Zero HedgeAnti-Japan protests may have quieted down on the day after the anniversary of Japan’s invasion of China (which is not saying much: after disappearing for two weeks, perhaps in some Las Vegas strip club, the Chinese leader-in-waiting Xi Jinping denounced Japan’s decision to buy disputed islands “as a farce” on Wednesday and said Tokyo should “rein in its behavior”), but that does not mean anything has been resolved, and the Chinese 1000 boat armada is still supposedly on its way to the Senkakus. Elsewhere, the US foreign department may have to promptly find an anti-Buddhist hate tape made in the US, because otherwise the attack of the US ambassador Gary Locke’s car in Beijing may have to be explained using good old fashioned simmering hatred and anti-American sentiment without an actual inflamatory event. LA Times reports: “The car of the U.S. ambassador to China was surrounded by a small group of demonstrators on Tuesday, who damaged the vehicle and briefly prevented it from entering the U.S. Embassy compound in Beijing. A YouTube video of the incident showed the protesters chanting slogans such as “down with the U.S. imperialists” and, in an apparent reference to the Chinese government’s purchase of U.S. government debt, “return the money!”
September 19, 2012
September 19, 2012
The five-minute video shows a black car approaching the embassy and attempting to turn into the gate. As the demonstrators surrounded the vehicle, several dozen Chinese police and uniformed guards rushed to the scene. Several water bottles were thrown at the car and one man could be seen banging on the hood of the vehicle.Finally, it appears someone gets it:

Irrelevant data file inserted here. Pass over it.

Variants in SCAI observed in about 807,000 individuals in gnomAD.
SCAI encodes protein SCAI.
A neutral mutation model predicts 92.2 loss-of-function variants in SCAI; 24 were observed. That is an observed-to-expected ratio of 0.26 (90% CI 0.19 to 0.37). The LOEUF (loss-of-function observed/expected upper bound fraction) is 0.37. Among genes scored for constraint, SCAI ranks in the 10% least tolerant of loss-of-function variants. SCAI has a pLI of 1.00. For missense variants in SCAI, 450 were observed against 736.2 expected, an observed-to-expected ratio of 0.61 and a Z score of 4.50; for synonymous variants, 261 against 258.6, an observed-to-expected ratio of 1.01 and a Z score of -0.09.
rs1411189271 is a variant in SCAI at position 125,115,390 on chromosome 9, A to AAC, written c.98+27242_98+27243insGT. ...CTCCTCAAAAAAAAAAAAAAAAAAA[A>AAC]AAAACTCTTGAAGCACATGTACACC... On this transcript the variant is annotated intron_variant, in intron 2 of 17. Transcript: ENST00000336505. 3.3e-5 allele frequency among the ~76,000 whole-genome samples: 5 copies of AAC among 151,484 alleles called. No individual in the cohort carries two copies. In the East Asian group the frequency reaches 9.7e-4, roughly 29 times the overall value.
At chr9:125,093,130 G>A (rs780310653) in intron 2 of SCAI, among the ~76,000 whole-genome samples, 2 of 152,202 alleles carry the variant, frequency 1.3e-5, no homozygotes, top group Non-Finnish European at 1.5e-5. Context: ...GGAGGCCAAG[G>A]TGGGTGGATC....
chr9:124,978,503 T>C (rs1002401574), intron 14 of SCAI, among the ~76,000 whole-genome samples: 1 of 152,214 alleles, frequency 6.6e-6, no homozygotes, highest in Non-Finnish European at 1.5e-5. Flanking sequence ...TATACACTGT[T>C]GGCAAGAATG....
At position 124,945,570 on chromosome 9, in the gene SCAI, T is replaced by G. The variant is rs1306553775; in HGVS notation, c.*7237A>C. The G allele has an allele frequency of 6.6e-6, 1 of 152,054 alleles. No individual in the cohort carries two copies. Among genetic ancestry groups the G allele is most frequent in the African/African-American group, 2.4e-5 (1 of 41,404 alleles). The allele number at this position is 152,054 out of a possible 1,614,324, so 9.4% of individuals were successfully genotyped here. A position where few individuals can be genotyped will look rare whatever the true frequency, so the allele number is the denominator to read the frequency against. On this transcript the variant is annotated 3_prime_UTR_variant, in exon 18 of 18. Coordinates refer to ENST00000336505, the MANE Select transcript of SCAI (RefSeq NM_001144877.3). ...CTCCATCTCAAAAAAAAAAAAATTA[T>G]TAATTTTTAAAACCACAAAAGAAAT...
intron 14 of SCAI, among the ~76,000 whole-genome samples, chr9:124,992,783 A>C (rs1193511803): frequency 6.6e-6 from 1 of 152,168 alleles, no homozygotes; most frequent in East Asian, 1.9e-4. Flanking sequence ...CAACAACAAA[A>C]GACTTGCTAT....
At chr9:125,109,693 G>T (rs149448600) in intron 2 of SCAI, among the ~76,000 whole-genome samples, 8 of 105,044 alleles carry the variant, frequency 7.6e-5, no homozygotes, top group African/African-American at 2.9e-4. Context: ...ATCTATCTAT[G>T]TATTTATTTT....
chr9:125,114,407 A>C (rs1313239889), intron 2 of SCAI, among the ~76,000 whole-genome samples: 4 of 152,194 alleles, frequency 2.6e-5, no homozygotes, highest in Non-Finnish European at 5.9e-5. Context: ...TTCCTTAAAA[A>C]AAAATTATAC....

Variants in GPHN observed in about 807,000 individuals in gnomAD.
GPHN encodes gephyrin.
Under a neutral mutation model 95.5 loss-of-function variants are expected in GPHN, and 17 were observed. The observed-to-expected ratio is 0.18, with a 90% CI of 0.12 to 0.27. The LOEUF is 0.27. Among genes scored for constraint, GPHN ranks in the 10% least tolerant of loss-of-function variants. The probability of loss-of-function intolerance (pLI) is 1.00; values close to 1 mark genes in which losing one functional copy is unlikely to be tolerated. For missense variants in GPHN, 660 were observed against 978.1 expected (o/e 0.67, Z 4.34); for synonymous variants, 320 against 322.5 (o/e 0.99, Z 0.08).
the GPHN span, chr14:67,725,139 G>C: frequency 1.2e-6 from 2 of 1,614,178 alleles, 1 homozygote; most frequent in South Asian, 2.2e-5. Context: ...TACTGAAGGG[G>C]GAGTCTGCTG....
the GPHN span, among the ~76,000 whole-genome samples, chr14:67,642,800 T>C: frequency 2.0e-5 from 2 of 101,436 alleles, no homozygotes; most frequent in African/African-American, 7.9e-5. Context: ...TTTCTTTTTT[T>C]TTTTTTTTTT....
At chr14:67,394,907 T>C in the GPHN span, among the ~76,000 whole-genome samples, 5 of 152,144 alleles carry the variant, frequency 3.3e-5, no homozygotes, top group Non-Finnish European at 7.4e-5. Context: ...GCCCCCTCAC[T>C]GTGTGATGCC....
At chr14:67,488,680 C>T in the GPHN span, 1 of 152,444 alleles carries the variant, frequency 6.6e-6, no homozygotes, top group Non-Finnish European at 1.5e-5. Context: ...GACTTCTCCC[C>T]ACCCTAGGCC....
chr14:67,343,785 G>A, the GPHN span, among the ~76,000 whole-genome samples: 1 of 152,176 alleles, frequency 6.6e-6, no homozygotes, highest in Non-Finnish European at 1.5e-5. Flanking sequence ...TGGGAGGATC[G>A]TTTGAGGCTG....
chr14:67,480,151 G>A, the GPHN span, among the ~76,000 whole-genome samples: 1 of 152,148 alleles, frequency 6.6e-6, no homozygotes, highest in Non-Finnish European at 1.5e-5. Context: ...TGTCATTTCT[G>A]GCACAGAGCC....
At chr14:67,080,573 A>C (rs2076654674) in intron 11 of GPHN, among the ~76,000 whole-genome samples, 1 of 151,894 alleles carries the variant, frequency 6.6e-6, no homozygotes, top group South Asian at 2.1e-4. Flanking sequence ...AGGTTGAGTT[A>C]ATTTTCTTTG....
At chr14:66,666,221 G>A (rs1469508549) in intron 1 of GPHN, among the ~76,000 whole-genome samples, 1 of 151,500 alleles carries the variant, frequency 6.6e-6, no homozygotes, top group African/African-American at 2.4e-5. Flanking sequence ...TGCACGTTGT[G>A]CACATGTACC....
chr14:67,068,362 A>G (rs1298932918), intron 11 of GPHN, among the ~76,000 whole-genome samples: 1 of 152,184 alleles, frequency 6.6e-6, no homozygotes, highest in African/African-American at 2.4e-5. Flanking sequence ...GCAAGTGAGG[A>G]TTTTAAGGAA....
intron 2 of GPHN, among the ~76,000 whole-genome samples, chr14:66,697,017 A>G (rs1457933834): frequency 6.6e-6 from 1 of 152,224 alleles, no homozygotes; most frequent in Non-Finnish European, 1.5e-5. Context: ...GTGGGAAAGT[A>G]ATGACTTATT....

The security forces quickly surrounded the automobile and pushed the demonstrators away from it.
A State Department spokesperson said Ambassador Gary Locke’s car sustained minor damage but the ambassador was unharmed. The spokesperson said the U.S. had “registered our concern” with China’s Ministry of Foreign Affairs.
The U.S. Embassy is located near the Japanese Embassy, which has been targeted by thousands of Chinese protesters in recent days voicing complaints over the Japanese government’s move to purchase islands in the East China Sea that are also claimed by China.
In an apparent reference to that dispute and the United States’ security treaty with Japan, some of the demonstrators chanted: “The U.S. government is the mastermind.”Yesterday China already suggested dumping Japanese bonds as retaliation, following our earlier hypothetical of just who is more likely to dump US paper, should America pick the wrong side to support: recall that both China and Japan now hold over $1.1 trillion in US debt. Things are increasingly looking like China may be it, further explaining why the BOJ .